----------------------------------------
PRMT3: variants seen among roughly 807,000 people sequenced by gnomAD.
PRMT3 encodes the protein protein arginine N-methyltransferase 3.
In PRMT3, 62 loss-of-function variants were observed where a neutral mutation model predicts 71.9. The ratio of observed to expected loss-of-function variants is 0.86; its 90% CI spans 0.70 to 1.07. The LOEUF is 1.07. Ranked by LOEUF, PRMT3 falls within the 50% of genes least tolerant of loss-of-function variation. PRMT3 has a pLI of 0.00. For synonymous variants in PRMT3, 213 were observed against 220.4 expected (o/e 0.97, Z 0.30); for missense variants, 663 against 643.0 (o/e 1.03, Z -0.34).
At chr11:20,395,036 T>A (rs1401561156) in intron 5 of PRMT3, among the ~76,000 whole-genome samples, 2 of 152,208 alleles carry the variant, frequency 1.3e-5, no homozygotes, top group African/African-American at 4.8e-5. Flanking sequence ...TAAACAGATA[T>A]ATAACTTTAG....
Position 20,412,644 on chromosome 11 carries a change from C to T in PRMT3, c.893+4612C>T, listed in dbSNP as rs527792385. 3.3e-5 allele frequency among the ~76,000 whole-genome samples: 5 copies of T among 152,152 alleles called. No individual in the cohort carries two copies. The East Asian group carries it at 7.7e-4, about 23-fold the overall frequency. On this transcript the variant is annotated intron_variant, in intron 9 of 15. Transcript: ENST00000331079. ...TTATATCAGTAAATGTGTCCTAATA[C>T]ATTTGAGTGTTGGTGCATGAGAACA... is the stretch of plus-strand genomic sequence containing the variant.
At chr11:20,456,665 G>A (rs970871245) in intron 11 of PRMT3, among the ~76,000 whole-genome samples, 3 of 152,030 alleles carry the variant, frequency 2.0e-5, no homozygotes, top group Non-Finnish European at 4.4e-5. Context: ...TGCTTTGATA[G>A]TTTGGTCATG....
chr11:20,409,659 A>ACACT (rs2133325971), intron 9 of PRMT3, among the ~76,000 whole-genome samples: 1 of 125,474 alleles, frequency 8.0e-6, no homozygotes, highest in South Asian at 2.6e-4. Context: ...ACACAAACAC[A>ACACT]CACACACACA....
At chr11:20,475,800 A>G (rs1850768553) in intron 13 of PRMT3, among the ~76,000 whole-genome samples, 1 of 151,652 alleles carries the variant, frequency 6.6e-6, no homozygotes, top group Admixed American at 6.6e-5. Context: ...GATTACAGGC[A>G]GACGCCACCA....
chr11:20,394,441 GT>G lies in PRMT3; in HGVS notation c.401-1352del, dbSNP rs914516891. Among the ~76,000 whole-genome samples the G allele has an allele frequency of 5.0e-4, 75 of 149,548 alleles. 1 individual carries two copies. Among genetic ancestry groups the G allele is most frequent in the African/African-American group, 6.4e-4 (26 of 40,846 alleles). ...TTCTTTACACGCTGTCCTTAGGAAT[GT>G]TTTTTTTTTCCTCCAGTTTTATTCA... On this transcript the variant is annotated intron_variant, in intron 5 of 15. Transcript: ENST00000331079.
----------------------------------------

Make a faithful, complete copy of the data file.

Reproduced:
PRMT3: variants seen among roughly 807,000 people sequenced by gnomAD.
PRMT3 encodes the protein protein arginine N-methyltransferase 3.
In PRMT3, 62 loss-of-function variants were observed where a neutral mutation model predicts 71.9. The ratio of observed to expected loss-of-function variants is 0.86; its 90% CI spans 0.70 to 1.07. The LOEUF is 1.07. Ranked by LOEUF, PRMT3 falls within the 50% of genes least tolerant of loss-of-function variation. PRMT3 has a pLI of 0.00. For synonymous variants in PRMT3, 213 were observed against 220.4 expected (o/e 0.97, Z 0.30); for missense variants, 663 against 643.0 (o/e 1.03, Z -0.34).
At chr11:20,395,036 T>A (rs1401561156) in intron 5 of PRMT3, among the ~76,000 whole-genome samples, 2 of 152,208 alleles carry the variant, frequency 1.3e-5, no homozygotes, top group African/African-American at 4.8e-5. Flanking sequence ...TAAACAGATA[T>A]ATAACTTTAG....
Position 20,412,644 on chromosome 11 carries a change from C to T in PRMT3, c.893+4612C>T, listed in dbSNP as rs527792385. 3.3e-5 allele frequency among the ~76,000 whole-genome samples: 5 copies of T among 152,152 alleles called. No individual in the cohort carries two copies. The East Asian group carries it at 7.7e-4, about 23-fold the overall frequency. On this transcript the variant is annotated intron_variant, in intron 9 of 15. Transcript: ENST00000331079. ...TTATATCAGTAAATGTGTCCTAATA[C>T]ATTTGAGTGTTGGTGCATGAGAACA... is the stretch of plus-strand genomic sequence containing the variant.
At chr11:20,456,665 G>A (rs970871245) in intron 11 of PRMT3, among the ~76,000 whole-genome samples, 3 of 152,030 alleles carry the variant, frequency 2.0e-5, no homozygotes, top group Non-Finnish European at 4.4e-5. Context: ...TGCTTTGATA[G>A]TTTGGTCATG....
chr11:20,409,659 A>ACACT (rs2133325971), intron 9 of PRMT3, among the ~76,000 whole-genome samples: 1 of 125,474 alleles, frequency 8.0e-6, no homozygotes, highest in South Asian at 2.6e-4. Context: ...ACACAAACAC[A>ACACT]CACACACACA....
At chr11:20,475,800 A>G (rs1850768553) in intron 13 of PRMT3, among the ~76,000 whole-genome samples, 1 of 151,652 alleles carries the variant, frequency 6.6e-6, no homozygotes, top group Admixed American at 6.6e-5. Context: ...GATTACAGGC[A>G]GACGCCACCA....
chr11:20,394,441 GT>G lies in PRMT3; in HGVS notation c.401-1352del, dbSNP rs914516891. Among the ~76,000 whole-genome samples the G allele has an allele frequency of 5.0e-4, 75 of 149,548 alleles. 1 individual carries two copies. Among genetic ancestry groups the G allele is most frequent in the African/African-American group, 6.4e-4 (26 of 40,846 alleles). ...TTCTTTACACGCTGTCCTTAGGAAT[GT>G]TTTTTTTTTCCTCCAGTTTTATTCA... On this transcript the variant is annotated intron_variant, in intron 5 of 15. Transcript: ENST00000331079.